Reactions to Texas anti-abortion law: The U.S. attorney general announces that patients and abortion clinics can count on federal law enforcement support, the Women’s March is preparing mass protests, and a local court temporarily blocks lawsuits against the largest chain of abortion clinics.
In a statement on Monday, U.S. Attorney General Merrick Garland said that the Department of Justice would protect the safety of Texas women seeking abortion and individuals providing the procedure.
He added that he is in contact with local prosecutors and FBI offices, and has reminded them about the 1994 Freedom of Access to Clinic Entrances Act, which prohibits the use or threat of physical force against a person seeking to undergo or perform an abortion.
Garland has also made it known that “the Justice Department urgently explores all options to challenge Texas SB8 in order to protect the constitutional rights of women.”
Peculiar Texas Law
The Texas legislature passed the abortion bill in May and it took effect in early September despite strong protests from abortion rights activists. The law prohibits the termination of pregnancy after a fetal heartbeat is detected, which usually happens six weeks into a pregnancy.
This is the strictest anti-abortion law in the U.S.
Observers expected that the courts would block the law, as the right to abortion is guaranteed for U.S. women by Supreme Court precedent set in a 1973 ruling. However, this time, it was not to be. The courts were hampered by the specifics of the Texas law, which entrusts its enforcement not to state authorities but private citizens. Anyone can file a lawsuit against an individual who helps carry out an illegal abortion. Defendants are subject to a $10,000 fine if they are convicted, payable to the individual who filed the lawsuit.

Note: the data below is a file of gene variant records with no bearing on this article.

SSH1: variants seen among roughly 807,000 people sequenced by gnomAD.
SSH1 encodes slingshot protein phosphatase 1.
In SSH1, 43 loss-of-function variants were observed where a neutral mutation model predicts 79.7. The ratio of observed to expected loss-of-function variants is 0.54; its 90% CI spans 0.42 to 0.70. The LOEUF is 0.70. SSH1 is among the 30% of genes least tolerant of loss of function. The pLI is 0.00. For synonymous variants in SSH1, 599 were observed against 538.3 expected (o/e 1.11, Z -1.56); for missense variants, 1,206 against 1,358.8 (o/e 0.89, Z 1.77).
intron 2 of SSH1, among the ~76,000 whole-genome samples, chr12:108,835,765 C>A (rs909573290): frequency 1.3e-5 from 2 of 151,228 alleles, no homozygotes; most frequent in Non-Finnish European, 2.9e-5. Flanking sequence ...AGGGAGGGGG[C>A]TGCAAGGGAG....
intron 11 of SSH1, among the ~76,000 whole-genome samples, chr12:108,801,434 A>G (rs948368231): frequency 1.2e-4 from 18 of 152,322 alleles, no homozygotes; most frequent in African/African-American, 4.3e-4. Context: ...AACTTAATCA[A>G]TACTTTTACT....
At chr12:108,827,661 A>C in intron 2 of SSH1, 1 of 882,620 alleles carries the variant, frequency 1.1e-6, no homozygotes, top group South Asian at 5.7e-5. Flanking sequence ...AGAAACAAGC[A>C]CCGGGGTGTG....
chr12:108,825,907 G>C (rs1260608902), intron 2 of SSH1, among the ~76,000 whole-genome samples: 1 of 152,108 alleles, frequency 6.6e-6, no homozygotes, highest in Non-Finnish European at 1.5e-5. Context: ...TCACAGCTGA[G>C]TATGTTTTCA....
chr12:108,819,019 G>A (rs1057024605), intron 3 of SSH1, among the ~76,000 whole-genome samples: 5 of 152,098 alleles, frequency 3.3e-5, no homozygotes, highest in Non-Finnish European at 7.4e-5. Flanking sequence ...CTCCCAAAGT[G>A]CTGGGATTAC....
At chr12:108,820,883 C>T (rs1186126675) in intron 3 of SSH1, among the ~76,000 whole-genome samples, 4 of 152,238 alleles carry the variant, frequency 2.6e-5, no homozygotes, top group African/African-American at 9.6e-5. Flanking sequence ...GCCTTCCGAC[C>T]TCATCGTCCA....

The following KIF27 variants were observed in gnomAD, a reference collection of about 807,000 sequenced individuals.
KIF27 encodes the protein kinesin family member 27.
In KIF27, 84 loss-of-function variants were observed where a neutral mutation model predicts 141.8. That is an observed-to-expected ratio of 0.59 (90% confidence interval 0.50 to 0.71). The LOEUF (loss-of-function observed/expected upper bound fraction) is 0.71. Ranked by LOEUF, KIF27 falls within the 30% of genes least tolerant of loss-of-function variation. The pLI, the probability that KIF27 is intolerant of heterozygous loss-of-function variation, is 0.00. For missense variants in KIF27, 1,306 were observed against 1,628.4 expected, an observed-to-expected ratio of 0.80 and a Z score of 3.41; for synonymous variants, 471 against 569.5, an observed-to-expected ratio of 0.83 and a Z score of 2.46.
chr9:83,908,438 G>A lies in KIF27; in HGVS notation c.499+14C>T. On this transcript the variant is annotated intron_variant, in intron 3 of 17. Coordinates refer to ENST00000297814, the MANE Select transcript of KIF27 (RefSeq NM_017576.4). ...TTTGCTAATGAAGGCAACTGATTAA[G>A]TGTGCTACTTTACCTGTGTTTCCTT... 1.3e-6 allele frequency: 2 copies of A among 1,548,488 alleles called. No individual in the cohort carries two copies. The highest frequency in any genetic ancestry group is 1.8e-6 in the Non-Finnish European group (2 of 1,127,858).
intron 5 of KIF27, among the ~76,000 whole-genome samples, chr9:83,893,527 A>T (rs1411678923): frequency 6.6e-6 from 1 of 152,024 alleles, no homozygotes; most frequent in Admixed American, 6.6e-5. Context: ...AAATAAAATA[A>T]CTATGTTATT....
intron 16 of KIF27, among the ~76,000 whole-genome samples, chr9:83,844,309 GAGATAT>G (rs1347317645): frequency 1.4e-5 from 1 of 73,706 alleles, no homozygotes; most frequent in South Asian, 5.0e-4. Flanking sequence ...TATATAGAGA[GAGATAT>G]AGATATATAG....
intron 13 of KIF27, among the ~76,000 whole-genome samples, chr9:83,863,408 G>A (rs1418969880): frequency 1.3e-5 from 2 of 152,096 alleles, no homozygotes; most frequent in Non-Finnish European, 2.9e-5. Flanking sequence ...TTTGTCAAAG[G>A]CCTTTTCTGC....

Critics argue that this is an invitation to intimidate patients, harass abortion clinics and open up a floodgate of lawsuits. Although Garland’s announcement does not foreclose private lawsuits, it does increase the safety of patients and doctors for now.
Just a few hours before the law took effect, one of the clinics where pregnant women still waited for an abortion was surrounded by anti-abortion activists who shined their flashlights in the windows.
What Will the Courts Do?
In an interview with the Guardian, Melissa Upreti, chairwoman of the U.N. Working Group on discrimination against women and girls, criticized the Republican-backed bill, claiming that it violates women’s rights guaranteed by international law.
The Women’s March and more than 90 other organizations have announced protests in every state. They will take place in early October, when the new session of the Supreme Court begins. Activists still hope the Supreme Court will reject the bill. Last week it refused to do so, but noted that it acted on procedural issues alone and was not ruling on substantive constitutional questions.
The problem is, as University of Michigan lawyer Barbara McQuade argues on Twitter, “even if SCOTUS eventually ‘swats away’ TX abortion ban, it will take months, denying many women their constitutional right.”
“Imagine a law banning all possession of guns, enforceable by rewards for bounty hunters. Would it be ok to wait months to stop it?” McQuade adds painting a vivid picture.
However, lower courts may also act. For example, a Travis County district judge temporarily banned the anti-abortion organization Texas Right to Life from filing lawsuits against Planned Parenthood’s clinics, doctors and staff. The judge found there was a threat of irreparable damage if she did not issue a stay, which is valid until Sept. 17.
Internet Users Versus Texas
Texas Right to Life recently launched a website to help track abortion cases. There is even an online form where you can attach photos as evidence.
But the website became the target of a massive attack by internet users. They submitted thousands of false reports, including pornographic material and “Shrek” memes. They prefer to make absurd accusations, against such things as state highways that women drive on the way to surgery.
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